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Ten Ways to “Green” A Commercial Lease


October 15, 2008

Read Time

4 minutes


With the increasing focus on sustainability in connection with commercial developments, it is important that commercial property owners incorporate green provisions into their leases to allow a landlord and its tenants to work together to ensure that the building is operated in the most environmental friendly manner by incorporating energy-efficient standards and best practices. Because leases are long-term agreements and the green movement continues to evolve, best practices would dictate that property owners incorporate as much flexibility into their leases as possible to allow for this evolvement.

These green lease provisions range from stipulating the products and type of construction activities a tenant can utilize in its initial buildout and in future alterations, incorporating rules and regulations to be followed by all tenants of the building, and implementing sub-metering to allowing the landlord to make continual improvements to the building or larger development. While there are numerous ways for a landlord to incorporate its environmental and energy efficiency initiatives into commercial leases and to ensure tenants comply with these initiatives, ten common ways to do so are set forth below:

  1. Redefine Operating Expenses. Operating expenses should be redefined to provide the landlord the opportunity to amortize the cost of capital projects that reduce operating expenses (as long as they do not exceed the savings) and to also allow the landlord to adjust its base-year operating expenses down to the level that the operating expenses would have been had the energy-efficient systems been in place during the base year.

  2. Allow for Sub-Metering of the Premises. To properly incentivize tenants to incorporate energy-saving measures such as installing ENERGY STAR® equipment and appliances, turning off lights, and installing motion sensors or daylight controls into its premises, the lease should provide for sub-metering of the utilities, where sub-metering is permitted.

  3. Revise the Rules and Regulations. The Rules and Regulations should be revised to allow, at a minimum, (i) for a building or center-wide recycling program and the auditing of that program, and (ii) the landlord to reduce power when required by the utility company. The lease should also provide the landlord with the flexibility to revise the Rules and Regulations as the green movement evolves.

  4. Revise the Tenant Work Letter and Alterations Provision. The tenant work letter and alteration provision should be revised to define sustainable product requirements and construction practices for the building, including lighting, motion sensors, floor finishings and coverings, paints, sealants and adhesives, and bathroom fixtures such as waterless urinals and water-efficient toilets.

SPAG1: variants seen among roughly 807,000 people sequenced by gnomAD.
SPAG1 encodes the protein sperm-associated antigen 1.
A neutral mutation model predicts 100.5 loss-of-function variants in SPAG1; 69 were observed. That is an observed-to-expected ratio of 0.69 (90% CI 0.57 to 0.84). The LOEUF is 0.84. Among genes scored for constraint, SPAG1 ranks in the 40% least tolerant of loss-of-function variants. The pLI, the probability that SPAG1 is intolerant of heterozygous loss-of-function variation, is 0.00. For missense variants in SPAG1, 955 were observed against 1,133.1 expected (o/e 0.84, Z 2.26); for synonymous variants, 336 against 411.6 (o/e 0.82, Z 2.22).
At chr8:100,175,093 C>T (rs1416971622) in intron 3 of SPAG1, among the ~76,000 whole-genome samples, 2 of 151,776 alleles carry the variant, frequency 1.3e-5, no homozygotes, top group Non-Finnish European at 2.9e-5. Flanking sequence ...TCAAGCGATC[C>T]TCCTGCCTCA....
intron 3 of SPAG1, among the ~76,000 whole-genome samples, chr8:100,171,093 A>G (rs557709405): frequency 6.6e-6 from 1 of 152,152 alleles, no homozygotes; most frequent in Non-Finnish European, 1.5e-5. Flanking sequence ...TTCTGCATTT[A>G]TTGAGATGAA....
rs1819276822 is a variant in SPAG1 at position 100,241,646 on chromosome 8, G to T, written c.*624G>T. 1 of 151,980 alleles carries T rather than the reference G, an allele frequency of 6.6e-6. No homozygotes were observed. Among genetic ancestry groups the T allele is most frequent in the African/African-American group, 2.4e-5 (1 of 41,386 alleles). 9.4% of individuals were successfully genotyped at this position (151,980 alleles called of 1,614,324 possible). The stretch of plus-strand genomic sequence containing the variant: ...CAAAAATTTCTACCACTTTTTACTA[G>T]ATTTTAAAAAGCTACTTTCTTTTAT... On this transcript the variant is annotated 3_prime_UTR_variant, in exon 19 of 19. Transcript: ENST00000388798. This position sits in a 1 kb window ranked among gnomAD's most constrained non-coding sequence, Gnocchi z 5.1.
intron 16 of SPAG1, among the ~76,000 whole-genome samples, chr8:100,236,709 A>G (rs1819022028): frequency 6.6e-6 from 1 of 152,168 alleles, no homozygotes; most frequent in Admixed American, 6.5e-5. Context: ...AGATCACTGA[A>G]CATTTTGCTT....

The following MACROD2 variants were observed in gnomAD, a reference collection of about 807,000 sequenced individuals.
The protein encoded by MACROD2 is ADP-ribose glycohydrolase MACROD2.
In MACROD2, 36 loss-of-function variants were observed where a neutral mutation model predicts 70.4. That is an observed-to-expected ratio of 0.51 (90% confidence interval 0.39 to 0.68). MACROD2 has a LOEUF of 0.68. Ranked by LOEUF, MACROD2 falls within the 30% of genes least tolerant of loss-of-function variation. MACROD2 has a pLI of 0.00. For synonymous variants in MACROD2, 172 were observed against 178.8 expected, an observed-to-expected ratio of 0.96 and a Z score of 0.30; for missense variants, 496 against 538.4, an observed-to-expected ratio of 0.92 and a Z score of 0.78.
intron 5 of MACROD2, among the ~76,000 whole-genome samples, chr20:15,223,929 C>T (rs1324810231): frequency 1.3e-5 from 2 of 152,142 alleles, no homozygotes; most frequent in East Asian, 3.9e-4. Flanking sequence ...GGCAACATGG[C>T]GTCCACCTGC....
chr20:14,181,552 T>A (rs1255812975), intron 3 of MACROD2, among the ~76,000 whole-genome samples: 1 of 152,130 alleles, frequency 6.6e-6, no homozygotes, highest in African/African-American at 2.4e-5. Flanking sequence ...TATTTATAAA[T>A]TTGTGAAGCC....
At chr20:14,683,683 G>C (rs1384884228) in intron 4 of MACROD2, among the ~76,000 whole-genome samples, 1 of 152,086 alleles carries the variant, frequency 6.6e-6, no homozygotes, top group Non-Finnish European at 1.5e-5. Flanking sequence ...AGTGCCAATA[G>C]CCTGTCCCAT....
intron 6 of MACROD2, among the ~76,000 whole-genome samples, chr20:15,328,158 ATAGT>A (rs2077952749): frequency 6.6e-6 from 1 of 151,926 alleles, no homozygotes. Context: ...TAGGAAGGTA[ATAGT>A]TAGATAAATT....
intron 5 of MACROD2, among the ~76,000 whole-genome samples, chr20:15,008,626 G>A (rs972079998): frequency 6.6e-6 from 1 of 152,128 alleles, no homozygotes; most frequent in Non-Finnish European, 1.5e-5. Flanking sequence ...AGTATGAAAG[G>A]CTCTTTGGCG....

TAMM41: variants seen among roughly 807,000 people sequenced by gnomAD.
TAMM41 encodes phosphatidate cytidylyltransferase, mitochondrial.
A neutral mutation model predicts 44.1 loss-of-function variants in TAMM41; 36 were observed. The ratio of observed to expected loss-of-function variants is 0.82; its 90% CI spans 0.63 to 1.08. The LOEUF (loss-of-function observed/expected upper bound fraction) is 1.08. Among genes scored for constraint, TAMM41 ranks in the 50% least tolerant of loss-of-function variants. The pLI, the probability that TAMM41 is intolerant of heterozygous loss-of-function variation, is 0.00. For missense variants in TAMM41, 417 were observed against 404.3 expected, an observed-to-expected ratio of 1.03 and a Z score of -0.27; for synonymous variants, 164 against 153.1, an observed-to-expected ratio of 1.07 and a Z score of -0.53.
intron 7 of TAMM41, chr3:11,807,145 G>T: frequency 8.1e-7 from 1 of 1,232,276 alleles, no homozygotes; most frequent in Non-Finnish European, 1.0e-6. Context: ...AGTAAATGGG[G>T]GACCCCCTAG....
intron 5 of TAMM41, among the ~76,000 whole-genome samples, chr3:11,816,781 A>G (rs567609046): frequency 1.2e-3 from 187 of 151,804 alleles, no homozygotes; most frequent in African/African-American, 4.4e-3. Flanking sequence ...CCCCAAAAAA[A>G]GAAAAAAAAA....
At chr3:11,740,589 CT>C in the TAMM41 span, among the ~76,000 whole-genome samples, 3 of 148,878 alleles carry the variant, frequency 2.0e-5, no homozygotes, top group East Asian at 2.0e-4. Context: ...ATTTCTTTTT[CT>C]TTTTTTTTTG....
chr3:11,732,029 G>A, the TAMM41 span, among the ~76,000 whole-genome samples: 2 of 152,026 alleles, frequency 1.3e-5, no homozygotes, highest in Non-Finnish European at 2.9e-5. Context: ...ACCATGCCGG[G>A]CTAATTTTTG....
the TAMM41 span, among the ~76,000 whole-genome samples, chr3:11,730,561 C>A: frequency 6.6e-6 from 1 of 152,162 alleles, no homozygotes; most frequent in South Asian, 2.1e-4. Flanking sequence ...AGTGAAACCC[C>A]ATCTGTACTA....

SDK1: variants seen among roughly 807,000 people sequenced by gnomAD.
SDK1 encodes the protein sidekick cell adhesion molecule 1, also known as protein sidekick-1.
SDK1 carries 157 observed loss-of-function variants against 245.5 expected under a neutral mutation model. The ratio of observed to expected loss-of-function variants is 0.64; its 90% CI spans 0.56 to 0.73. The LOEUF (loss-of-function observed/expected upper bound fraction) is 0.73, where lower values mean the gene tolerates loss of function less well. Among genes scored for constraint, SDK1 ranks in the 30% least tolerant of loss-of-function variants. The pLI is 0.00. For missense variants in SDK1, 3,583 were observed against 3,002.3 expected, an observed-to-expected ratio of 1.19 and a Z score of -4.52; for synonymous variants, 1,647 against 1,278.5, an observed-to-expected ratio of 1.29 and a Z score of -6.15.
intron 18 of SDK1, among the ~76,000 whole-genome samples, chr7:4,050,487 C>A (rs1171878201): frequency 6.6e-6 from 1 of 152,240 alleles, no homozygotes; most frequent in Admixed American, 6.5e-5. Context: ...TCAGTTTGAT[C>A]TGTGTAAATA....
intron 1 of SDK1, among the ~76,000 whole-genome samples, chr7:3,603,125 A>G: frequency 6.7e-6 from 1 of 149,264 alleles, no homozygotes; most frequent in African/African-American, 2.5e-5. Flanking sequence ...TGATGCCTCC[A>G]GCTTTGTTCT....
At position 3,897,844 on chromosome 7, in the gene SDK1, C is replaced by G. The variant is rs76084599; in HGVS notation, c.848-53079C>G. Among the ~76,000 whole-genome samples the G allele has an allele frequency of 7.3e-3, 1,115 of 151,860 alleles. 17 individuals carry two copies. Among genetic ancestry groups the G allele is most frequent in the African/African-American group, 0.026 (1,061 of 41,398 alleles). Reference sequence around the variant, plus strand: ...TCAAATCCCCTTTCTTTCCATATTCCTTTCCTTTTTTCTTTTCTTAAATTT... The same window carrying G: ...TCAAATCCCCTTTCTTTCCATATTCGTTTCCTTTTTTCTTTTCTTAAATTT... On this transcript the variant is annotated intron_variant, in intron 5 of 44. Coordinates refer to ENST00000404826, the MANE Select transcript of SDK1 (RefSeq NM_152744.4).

5. Incorporate Operational Procedures for the Building. The lease should state the standard to which the building is being operated (i.e., a specific level of LEED certification) and the tenant should be required to comply with that standard, where applicable. Also important is the creation and incorporation of operational procedures for items such as after hours or excess energy usage that can be passed through to tenants and providing the landlord with reasonable access to the premises to install energy-efficient systems.

  6. Create Green Cleaning Specifications. Create and implement green cleaning specifications which define the materials and procedures to be utilized in cleaning the building and premises. Only environmentally-friendly cleaning products should be permitted.

  7. Provide for Construction Waste Management. Identify materials that must be recycled or reused during any construction process in order to facilitate the reduction of waste and redirection of reusable materials.

  8. Incorporate a Hazardous Materials Provision. Clearly identify what hazardous materials are and stipulate that neither landlord nor tenant shall violate any laws relating to hazardous materials.

  9. Revise the Maintenance and Repair Provision. Provide for any maintenance and repairs undertaken by the tenant to be completed in accordance with the building’s green practices.

  10. Create a Tenant Manual or Handbook. Create a Manual or Handbook to be delivered to each tenant of the building that explains the features and benefits of the building and how to best maximize those features to create and maintain an energy-efficient workplace. This should also provide for regular reporting of energy achievements to foster continuous improvements.

The above suggestions are just some of the many ways to incorporate green provisions into commercial leases. Adding green provisions to commercial leases will allow a landlord and its tenants to work together to ensure that the building is operated in the most environmentally friendly and efficient manner, thereby creating cost savings for the landlord and its tenants. The changes outlined above should be incorporated into new commercial leases with new or existing tenants and can also be incorporated by lease amendment with existing tenants. The most important thing to remember is that the landlord will need flexibility to continue to implement new environmental and energy efficiency initiatives within the building as the green movement evolves. As a result, all new commercial leases should provide the landlord with this flexibility.

Filed under: Real Estate

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